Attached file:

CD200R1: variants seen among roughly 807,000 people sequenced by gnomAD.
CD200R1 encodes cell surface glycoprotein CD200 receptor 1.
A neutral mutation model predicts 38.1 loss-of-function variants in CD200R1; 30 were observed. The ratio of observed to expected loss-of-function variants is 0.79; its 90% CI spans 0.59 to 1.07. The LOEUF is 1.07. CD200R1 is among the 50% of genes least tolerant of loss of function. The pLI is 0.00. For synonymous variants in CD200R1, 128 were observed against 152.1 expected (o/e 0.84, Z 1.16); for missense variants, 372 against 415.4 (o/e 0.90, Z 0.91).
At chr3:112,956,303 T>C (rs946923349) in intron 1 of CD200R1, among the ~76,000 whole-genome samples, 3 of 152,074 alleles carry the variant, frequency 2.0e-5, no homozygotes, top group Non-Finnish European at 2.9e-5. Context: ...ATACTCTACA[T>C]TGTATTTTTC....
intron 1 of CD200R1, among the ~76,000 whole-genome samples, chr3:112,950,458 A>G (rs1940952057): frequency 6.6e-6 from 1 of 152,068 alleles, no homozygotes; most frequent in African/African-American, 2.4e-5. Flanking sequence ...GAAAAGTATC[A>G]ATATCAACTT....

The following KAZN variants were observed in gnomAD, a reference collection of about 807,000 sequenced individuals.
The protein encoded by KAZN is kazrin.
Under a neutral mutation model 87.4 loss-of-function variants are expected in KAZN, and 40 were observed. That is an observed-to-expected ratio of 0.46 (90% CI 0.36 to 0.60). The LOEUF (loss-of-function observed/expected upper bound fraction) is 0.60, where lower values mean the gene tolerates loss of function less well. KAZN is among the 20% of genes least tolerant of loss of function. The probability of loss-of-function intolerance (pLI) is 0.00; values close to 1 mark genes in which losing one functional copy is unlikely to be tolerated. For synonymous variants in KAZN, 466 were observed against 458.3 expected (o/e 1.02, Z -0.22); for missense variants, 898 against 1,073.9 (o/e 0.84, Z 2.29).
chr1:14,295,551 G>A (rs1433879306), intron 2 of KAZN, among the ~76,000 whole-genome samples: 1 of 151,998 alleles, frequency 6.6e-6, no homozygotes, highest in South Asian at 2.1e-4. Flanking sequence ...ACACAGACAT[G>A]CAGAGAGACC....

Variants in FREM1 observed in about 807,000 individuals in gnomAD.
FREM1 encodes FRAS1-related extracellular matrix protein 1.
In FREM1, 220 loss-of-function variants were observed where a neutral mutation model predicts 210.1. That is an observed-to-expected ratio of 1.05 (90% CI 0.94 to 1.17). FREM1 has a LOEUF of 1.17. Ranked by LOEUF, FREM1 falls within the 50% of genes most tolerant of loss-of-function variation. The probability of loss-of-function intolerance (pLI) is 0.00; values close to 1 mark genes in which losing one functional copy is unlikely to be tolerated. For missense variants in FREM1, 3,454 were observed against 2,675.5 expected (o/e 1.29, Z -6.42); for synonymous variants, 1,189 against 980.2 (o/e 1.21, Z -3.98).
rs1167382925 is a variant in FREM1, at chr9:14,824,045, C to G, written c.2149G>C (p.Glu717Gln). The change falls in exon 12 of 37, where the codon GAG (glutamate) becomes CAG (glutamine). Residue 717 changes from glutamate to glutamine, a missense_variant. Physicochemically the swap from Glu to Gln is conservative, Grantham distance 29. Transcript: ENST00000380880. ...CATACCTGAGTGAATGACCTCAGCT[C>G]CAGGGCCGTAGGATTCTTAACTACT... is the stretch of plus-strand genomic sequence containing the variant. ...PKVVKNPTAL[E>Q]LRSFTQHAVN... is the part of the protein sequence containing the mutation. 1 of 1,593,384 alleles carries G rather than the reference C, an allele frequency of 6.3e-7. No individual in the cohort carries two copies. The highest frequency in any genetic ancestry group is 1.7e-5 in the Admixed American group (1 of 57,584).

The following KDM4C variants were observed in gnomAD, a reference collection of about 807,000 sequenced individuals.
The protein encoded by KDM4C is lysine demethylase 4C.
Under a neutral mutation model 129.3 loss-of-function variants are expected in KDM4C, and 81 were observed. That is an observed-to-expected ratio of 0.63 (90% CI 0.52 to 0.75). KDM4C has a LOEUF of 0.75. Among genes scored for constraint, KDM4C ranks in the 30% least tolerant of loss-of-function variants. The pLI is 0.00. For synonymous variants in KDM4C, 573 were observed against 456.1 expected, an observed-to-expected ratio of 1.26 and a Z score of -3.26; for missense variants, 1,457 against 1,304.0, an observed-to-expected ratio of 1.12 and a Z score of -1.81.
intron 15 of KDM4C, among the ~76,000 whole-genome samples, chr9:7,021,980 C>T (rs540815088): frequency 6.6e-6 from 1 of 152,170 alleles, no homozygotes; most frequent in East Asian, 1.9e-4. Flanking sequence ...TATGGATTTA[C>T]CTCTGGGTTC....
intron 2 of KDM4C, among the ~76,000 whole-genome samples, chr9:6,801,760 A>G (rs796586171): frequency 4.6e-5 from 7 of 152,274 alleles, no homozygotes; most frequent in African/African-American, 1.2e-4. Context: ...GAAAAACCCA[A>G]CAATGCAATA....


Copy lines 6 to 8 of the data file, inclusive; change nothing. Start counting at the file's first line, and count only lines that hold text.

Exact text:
The following KAZN variants were observed in gnomAD, a reference collection of about 807,000 sequenced individuals.
The protein encoded by KAZN is kazrin.
Under a neutral mutation model 87.4 loss-of-function variants are expected in KAZN, and 40 were observed. That is an observed-to-expected ratio of 0.46 (90% CI 0.36 to 0.60). The LOEUF (loss-of-function observed/expected upper bound fraction) is 0.60, where lower values mean the gene tolerates loss of function less well. KAZN is among the 20% of genes least tolerant of loss of function. The probability of loss-of-function intolerance (pLI) is 0.00; values close to 1 mark genes in which losing one functional copy is unlikely to be tolerated. For synonymous variants in KAZN, 466 were observed against 458.3 expected (o/e 1.02, Z -0.22); for missense variants, 898 against 1,073.9 (o/e 0.84, Z 2.29).